But with the ever-growing list of charms and wonders came an ever-growing list of horrors. The view from the top roof is amazing! But this isn’t a desk, this is a card table in what used to be a closet. They have put in new handmade balustrades! But the radiators are clanging so loudly I can’t think. The Empire State Building lights up as the sunset dims, but the new toilet stalls on the eighth floor are so small that I can’t actually sit down.

Starting all those years ago, the people of SMP, then Tor, and later many of the rest of Macmillan’s publishers and support staff have endured physical discomfort. They have worked in small warrens, too cold in the winter (bring your down parka to work), too hot in the summer, and with little hot water. But they have also worked in what many claim is the most photographed building in the world.

If you walk downtown toward the intersection of 23rd Street, Broadway, and Fifth Avenue, the first view of the Flatiron is arresting, with that remarkably thin, decorated prow splitting Fifth Avenue and Broadway. Thrilling architecture for all to see, but I always think of the people. There up top, behind the fluted columns, Sally Richardson. Below her Tom Dunne. And below him, on 16, Jen Enderlin. She sits in her great friend Matthew Shear’s old office, he of the kind eyes, booming laugh, and gap-toothed grin. He would have been happy to see her there. Two floors down is Tom Doherty, legendary founder of Tor, his office awash in awards and the mass market paperbacks that started it all. They were all here before I came, most of them for decades.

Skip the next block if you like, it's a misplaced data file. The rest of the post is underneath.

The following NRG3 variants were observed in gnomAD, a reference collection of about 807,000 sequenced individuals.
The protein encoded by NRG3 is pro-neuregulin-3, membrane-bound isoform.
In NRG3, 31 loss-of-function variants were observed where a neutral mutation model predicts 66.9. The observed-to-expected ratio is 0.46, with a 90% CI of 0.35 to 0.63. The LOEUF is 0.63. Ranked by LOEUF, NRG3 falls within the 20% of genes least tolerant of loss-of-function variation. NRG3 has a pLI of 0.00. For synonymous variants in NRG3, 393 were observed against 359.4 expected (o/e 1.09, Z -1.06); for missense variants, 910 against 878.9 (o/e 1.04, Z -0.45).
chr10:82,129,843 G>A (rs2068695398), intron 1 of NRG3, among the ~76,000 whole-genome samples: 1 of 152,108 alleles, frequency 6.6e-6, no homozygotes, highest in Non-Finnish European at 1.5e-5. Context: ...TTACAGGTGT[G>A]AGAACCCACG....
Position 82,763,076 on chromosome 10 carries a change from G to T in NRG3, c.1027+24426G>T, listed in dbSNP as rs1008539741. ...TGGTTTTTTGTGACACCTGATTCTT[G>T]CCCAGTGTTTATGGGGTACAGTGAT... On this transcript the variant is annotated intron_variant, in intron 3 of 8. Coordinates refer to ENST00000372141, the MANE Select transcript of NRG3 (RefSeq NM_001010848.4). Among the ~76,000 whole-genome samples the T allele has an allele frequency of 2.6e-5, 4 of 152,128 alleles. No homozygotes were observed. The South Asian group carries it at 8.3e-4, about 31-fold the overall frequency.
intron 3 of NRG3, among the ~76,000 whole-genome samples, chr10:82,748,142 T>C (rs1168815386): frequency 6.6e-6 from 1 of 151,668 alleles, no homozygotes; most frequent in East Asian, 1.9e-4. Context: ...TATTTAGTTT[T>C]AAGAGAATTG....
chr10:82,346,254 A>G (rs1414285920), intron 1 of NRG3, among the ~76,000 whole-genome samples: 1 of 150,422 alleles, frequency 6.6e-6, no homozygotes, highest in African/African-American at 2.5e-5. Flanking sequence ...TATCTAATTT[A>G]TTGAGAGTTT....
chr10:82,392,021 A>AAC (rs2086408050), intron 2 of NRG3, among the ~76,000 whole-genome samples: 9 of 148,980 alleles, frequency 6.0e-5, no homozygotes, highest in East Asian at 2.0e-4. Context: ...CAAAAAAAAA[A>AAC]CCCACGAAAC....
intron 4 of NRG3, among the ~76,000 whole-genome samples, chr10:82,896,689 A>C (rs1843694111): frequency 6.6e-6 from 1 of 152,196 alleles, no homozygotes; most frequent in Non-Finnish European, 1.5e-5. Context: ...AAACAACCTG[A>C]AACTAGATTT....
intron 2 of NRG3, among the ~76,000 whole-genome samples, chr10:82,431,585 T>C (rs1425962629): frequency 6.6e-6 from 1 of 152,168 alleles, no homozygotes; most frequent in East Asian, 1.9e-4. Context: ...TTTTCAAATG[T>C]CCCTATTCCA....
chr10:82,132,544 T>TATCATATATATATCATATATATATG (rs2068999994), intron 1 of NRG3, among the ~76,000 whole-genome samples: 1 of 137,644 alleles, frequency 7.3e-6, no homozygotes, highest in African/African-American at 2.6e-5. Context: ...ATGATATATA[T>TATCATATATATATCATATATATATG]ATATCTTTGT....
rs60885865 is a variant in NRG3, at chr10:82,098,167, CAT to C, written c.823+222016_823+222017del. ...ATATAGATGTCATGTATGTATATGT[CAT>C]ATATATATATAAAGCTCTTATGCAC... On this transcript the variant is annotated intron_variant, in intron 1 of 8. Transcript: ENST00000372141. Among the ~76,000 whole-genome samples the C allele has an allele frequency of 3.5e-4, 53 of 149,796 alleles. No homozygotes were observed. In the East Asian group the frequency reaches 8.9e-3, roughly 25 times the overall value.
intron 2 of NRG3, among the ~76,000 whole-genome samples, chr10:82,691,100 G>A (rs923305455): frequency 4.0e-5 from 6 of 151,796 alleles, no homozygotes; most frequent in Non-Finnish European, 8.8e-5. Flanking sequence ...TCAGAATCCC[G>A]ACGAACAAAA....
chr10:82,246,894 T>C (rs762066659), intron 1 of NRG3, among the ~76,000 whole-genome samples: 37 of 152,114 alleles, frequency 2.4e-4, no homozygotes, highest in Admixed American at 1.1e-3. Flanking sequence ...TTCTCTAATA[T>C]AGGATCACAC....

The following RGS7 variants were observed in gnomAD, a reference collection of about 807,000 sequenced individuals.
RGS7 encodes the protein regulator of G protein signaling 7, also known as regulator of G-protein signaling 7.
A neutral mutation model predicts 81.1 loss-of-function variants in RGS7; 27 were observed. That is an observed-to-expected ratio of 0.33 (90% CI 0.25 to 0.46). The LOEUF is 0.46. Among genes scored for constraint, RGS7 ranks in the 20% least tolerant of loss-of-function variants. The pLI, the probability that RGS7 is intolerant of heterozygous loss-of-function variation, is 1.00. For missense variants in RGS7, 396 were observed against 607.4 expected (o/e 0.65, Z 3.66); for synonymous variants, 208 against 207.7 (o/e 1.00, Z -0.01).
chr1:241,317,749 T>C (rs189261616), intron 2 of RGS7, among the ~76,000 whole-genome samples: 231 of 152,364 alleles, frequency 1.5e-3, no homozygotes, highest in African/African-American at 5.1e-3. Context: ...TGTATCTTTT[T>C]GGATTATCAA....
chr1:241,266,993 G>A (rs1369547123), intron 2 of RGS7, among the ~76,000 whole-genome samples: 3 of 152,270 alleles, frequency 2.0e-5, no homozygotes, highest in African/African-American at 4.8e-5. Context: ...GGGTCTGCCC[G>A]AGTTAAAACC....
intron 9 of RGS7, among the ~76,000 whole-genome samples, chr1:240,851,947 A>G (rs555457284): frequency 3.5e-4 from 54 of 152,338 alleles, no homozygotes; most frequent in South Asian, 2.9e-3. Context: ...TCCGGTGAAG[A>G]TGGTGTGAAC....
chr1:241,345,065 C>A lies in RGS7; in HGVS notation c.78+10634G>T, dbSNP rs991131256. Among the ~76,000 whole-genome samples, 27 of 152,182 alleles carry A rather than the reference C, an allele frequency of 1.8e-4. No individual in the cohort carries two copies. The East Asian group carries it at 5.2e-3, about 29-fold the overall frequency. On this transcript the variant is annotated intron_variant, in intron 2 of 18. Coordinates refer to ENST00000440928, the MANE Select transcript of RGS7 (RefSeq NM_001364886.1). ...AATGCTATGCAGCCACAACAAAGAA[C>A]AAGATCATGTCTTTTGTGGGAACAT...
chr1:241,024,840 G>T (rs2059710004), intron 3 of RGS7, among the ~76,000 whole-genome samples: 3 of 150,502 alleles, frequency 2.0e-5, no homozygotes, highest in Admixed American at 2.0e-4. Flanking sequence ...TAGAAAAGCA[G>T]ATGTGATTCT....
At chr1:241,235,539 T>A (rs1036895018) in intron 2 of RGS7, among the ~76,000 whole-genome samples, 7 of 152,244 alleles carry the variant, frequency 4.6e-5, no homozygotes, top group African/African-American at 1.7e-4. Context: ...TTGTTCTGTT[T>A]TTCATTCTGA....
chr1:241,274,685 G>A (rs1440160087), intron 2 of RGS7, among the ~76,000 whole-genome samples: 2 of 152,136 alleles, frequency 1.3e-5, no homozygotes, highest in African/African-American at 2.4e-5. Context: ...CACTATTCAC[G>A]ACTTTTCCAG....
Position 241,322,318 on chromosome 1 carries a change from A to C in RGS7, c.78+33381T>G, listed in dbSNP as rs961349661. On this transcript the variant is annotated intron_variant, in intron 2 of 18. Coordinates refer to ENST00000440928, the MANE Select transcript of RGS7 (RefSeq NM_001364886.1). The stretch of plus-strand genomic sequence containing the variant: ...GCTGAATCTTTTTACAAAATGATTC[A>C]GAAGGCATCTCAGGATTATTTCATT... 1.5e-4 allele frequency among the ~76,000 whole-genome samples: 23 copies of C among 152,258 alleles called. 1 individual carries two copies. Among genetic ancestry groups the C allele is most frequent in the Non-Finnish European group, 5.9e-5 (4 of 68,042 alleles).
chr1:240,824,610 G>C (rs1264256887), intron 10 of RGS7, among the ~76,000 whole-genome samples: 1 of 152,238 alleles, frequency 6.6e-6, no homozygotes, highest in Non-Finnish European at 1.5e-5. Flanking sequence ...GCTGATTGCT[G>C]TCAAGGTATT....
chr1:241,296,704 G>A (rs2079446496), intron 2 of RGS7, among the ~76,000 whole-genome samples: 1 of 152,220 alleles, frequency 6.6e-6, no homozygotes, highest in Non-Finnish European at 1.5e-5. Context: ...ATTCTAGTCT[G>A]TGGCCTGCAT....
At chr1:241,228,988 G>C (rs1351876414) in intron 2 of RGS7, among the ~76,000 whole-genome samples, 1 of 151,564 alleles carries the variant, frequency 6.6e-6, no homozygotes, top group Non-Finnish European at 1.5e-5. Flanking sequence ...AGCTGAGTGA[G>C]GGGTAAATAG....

Flexit was in full swing for more than a month, and the Flatiron now stands empty. We say goodbye to Jeff and the other owners, to Sunny Atis and the rest of the building staff. They have been a part of us for many years.

There have been a lot of tears in the building in recent weeks, but also some singing, wall painting, and hallway drinking games. The reports from the early waves who have moved downtown to the Equitable Building at 120 Broadway are hugely positive. The new space is spectacular, and it has amenities never dreamed of by the denizens of the Flatiron. We are happy to start anew in another historic building.

The last words about our time at the Flatiron go to David Rotstein of SMP. He says it better than I can, and I suspect that he had a hand in designing those Remain posters. “The place we called home was the most beautiful and famous building within the greatest and most famous city in the whole world. It was the place where we lived our lives, the place where we grew up—as a company, and as individuals. And this most special of homes was ours and no one else’s. Family members only. And so, walking over the threshold for one final time is a difficult moment for sure.”